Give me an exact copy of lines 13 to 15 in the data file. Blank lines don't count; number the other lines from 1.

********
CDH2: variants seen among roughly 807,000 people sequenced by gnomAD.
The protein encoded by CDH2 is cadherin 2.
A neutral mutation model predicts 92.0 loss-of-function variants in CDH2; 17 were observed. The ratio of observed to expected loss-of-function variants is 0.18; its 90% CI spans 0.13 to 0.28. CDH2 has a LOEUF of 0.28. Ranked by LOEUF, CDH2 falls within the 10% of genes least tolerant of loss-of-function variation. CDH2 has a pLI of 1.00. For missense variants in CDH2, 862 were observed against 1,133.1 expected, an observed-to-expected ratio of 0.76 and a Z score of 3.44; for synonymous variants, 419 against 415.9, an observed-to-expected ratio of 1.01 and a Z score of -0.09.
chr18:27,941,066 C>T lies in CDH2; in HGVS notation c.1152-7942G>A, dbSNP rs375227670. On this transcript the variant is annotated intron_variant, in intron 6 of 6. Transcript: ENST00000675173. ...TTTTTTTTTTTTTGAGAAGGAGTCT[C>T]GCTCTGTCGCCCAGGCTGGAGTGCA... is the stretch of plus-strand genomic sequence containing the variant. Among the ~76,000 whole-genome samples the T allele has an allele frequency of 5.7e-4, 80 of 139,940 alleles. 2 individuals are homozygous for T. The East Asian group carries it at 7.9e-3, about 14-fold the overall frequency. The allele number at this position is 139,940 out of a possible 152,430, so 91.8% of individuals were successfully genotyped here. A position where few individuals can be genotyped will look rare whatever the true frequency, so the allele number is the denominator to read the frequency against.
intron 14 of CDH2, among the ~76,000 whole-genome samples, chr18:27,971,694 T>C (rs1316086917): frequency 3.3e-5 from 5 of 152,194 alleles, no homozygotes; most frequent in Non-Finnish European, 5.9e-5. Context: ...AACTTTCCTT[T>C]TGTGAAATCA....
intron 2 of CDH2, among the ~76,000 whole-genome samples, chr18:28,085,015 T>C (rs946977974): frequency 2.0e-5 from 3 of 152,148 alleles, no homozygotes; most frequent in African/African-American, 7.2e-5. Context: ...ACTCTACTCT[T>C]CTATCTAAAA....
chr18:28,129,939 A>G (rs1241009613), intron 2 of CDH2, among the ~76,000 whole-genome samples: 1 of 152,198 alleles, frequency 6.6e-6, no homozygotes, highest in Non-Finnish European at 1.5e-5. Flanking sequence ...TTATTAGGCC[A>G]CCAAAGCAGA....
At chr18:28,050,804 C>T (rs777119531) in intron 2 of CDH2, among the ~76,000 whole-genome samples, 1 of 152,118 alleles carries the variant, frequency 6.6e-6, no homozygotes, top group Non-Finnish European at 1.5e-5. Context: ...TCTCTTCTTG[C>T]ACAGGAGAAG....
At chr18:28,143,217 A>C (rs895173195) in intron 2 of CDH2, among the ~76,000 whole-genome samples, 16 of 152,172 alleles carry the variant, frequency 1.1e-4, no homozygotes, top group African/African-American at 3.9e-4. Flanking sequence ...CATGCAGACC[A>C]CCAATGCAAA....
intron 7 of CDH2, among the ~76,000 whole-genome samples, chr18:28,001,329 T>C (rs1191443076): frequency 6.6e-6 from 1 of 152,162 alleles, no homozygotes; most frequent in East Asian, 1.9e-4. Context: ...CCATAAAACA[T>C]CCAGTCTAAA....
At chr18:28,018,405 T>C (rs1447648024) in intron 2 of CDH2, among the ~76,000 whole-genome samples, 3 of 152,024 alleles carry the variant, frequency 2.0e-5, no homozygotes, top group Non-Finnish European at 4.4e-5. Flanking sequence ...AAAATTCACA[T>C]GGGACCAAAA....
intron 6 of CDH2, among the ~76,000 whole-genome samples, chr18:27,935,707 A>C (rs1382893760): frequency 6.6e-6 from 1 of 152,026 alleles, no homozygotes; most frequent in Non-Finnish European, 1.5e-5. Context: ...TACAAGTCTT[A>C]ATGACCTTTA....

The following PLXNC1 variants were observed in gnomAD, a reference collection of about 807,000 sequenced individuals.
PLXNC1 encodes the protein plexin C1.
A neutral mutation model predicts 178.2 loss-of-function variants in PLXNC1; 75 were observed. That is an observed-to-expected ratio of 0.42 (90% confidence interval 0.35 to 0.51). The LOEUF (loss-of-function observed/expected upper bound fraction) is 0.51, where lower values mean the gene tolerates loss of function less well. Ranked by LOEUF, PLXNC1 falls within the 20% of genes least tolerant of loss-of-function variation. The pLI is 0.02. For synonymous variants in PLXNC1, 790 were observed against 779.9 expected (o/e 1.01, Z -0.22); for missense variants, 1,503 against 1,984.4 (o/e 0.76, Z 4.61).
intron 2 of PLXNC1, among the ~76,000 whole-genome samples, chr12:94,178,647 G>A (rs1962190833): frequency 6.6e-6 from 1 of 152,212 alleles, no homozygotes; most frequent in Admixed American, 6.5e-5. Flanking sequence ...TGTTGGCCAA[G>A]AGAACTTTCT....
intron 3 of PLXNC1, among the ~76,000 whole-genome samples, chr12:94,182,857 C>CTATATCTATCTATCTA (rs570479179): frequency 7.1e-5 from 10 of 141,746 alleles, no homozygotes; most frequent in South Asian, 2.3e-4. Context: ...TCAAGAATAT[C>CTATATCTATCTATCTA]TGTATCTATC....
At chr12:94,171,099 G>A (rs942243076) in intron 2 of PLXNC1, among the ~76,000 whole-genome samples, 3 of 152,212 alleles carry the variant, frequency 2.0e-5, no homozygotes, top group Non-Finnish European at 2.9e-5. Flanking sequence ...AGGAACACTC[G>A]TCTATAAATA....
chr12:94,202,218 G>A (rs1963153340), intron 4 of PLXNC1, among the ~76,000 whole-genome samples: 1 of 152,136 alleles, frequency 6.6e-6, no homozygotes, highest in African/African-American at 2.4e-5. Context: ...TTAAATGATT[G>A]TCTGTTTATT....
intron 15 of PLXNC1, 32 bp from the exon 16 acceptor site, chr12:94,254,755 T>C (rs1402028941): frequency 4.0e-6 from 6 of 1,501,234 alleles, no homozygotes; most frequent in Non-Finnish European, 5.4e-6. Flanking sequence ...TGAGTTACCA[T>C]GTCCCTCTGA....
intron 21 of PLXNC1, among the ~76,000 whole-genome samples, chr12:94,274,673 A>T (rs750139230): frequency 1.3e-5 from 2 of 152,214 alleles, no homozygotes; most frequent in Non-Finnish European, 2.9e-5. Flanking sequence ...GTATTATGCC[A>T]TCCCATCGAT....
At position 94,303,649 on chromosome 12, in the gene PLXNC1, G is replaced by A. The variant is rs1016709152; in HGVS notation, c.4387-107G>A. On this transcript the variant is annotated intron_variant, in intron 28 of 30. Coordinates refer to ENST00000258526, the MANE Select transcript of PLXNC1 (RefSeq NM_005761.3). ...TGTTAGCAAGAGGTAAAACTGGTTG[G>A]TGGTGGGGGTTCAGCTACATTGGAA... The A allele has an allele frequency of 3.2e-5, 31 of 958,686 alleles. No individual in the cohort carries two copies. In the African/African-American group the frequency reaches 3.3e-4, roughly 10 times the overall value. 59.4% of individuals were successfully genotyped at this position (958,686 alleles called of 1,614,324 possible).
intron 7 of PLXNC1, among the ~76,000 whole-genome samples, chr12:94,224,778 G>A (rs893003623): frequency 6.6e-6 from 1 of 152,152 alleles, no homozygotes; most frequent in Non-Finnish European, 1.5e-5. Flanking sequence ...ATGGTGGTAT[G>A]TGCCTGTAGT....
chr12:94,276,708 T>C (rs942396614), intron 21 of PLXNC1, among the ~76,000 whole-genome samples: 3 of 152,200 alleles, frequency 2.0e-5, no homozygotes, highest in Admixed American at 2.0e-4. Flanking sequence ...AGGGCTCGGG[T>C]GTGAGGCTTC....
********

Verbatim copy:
The following PLXNC1 variants were observed in gnomAD, a reference collection of about 807,000 sequenced individuals.
PLXNC1 encodes the protein plexin C1.
A neutral mutation model predicts 178.2 loss-of-function variants in PLXNC1; 75 were observed. That is an observed-to-expected ratio of 0.42 (90% confidence interval 0.35 to 0.51). The LOEUF (loss-of-function observed/expected upper bound fraction) is 0.51, where lower values mean the gene tolerates loss of function less well. Ranked by LOEUF, PLXNC1 falls within the 20% of genes least tolerant of loss-of-function variation. The pLI is 0.02. For synonymous variants in PLXNC1, 790 were observed against 779.9 expected (o/e 1.01, Z -0.22); for missense variants, 1,503 against 1,984.4 (o/e 0.76, Z 4.61).